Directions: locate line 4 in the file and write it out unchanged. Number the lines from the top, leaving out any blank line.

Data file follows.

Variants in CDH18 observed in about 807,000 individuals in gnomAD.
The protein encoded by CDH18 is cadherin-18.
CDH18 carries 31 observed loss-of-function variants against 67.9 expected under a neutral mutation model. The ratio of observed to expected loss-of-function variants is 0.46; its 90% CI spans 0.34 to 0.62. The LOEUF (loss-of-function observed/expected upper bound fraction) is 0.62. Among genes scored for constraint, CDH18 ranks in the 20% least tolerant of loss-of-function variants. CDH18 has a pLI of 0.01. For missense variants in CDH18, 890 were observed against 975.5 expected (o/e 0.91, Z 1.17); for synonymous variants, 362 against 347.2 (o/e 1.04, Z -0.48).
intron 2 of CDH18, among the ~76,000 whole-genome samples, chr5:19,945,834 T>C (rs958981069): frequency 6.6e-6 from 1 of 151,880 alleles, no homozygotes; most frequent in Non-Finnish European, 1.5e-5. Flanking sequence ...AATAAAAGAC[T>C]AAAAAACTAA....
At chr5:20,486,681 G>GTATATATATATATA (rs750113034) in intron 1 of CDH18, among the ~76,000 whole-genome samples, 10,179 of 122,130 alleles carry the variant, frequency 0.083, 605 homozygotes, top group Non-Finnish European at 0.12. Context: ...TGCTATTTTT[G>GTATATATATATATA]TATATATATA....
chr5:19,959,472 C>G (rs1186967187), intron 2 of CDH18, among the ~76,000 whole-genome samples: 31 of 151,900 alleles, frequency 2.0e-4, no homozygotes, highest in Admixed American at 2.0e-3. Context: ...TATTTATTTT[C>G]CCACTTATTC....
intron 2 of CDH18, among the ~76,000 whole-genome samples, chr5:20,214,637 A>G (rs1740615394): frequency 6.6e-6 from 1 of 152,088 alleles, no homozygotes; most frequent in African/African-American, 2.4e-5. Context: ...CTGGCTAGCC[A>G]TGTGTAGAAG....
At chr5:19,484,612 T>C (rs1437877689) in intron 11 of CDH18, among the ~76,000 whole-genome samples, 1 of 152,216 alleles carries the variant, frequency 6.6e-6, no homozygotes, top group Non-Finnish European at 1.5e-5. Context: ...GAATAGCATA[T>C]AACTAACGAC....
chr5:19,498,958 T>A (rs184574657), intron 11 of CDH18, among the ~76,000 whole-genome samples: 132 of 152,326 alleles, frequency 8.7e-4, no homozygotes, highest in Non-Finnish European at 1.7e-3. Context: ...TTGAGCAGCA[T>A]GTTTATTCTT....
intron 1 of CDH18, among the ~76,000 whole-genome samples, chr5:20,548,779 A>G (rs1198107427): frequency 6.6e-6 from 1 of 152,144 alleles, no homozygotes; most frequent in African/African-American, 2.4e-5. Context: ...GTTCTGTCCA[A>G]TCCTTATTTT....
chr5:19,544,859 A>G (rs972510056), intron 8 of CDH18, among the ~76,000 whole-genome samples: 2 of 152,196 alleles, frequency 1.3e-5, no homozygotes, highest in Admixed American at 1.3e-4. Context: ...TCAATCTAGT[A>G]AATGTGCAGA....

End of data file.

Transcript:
intron 2 of CDH18, among the ~76,000 whole-genome samples, chr5:19,945,834 T>C (rs958981069): frequency 6.6e-6 from 1 of 151,880 alleles, no homozygotes; most frequent in Non-Finnish European, 1.5e-5. Flanking sequence ...AATAAAAGAC[T>C]AAAAAACTAA....